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*Applied Linear Algebra*, by Noble and Daniels, 3rd Edition,
Prentice Hall (1988)

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Reviewed by Wiley Williams

Despite the name of this book, it is most appropriate for a second
course in Linear Algebra that emphasizes Matrix Analysis. The
overarching mathematical theme of the text is matrix
decomposition. The discussion often includes a discussion of how
modern software is used to solve matix problems.
Unusual features of the book include: Early chapters contain (in
addition to standard material) descriptions of block multiplication of
matrices, left and right inverses, motivational applications of linear
algebra, and an extensive discussion of gaussian elimination and the
LU-decomposition. After a treatment of vector spaces, independence,
basis and dimension, vector and matrix norms (over both the reals and
complexes) are discussed, the Banach Lemma is proved, and
ill-conditioning is discussed. Eigenvalues are motivated by the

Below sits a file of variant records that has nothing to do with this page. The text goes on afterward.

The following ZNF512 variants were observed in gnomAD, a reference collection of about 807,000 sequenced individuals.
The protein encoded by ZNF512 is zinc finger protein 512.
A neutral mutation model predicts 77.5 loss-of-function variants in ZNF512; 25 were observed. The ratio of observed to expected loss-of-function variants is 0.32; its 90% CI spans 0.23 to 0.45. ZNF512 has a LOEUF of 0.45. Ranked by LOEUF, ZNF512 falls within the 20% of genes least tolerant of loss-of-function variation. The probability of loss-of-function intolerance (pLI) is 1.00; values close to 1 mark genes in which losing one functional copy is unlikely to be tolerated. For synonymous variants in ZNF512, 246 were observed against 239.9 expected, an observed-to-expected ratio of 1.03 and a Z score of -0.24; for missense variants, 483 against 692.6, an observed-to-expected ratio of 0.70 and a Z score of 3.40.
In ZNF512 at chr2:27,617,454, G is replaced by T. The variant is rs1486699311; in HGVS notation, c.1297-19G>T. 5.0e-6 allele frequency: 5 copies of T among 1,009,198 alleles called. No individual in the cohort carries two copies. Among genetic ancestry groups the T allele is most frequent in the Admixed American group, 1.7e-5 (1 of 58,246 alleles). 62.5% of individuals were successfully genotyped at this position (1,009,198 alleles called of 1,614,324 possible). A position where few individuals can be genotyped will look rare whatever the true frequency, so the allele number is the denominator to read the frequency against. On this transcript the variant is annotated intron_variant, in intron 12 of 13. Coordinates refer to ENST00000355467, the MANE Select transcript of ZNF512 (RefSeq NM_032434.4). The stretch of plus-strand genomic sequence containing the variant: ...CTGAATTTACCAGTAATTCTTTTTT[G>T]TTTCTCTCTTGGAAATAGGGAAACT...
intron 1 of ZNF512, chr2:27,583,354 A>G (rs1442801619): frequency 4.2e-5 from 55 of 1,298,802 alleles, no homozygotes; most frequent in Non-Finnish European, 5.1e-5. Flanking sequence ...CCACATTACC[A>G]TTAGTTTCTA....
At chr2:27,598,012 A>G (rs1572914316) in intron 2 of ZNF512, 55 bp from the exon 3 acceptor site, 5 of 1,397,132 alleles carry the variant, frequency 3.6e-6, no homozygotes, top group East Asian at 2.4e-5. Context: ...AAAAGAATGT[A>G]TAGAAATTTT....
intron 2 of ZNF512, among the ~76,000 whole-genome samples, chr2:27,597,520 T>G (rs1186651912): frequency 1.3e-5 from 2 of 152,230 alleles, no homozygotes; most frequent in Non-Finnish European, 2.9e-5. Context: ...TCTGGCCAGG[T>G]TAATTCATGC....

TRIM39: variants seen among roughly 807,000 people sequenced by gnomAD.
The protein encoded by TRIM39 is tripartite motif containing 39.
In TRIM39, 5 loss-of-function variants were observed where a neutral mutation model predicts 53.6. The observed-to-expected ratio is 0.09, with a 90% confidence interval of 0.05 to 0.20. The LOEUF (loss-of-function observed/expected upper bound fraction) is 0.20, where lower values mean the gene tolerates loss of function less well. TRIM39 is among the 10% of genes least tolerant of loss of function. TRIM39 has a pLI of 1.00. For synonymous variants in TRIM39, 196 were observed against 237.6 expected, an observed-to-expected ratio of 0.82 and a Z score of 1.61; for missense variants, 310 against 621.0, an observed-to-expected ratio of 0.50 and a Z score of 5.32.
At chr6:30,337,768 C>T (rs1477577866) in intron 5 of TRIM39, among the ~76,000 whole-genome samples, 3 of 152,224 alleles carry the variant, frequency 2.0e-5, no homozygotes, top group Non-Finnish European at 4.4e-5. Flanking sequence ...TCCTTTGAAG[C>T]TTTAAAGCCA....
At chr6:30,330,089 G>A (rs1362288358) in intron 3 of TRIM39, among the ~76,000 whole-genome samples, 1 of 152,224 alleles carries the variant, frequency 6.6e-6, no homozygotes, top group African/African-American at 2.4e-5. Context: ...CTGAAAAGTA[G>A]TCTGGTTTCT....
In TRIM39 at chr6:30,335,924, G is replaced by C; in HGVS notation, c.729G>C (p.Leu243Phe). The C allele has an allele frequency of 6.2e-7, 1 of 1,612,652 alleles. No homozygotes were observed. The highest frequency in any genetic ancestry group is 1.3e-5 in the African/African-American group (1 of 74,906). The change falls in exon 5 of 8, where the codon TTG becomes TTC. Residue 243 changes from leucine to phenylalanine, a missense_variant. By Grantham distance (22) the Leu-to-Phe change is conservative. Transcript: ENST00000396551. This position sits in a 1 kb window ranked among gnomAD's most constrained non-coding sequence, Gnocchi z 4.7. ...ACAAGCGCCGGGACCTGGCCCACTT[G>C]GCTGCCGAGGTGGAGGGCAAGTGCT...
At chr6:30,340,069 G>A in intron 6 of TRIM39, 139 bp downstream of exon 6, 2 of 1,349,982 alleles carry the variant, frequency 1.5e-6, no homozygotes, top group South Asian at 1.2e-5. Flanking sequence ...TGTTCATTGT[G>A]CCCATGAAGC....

vibrating string problem Three perspectives of eigenvalues and
eigenvectors are contrasted: diagonalizing a matrix, decomposing a
matrix in a form which makes computing powers easy, and finding a
basis so that the matrix of the associated linear transformation is
diagonal w.r.t the basis. A chapter on normal matrices and orthogonal
diagonalization is included. Orthogonal projections are discussed,
including Householder matrices, then the Gram-Schmidt process and its
implementation as the QR decomposition, as well as the use of this in
solving the least squares problem (which was one of the motivational
applications in Chapter 2). This culminates in a development of the
singular value decomposition and its use in solving the least squares
problem. A chapter on generalized eigenvalues and the Jordan Theorem.
A chapter on positive definite matrices, quadratic forms, and conic
sections. The text includes some problems to be solved using MATLAB,
but an instructor who wants to take full advantage of this technology
will need to provide a good deal of supplementation. Also, the problem
sets tend to not have enough routine problems or interesting
theoretical ones for students to fully explore the concepts involved.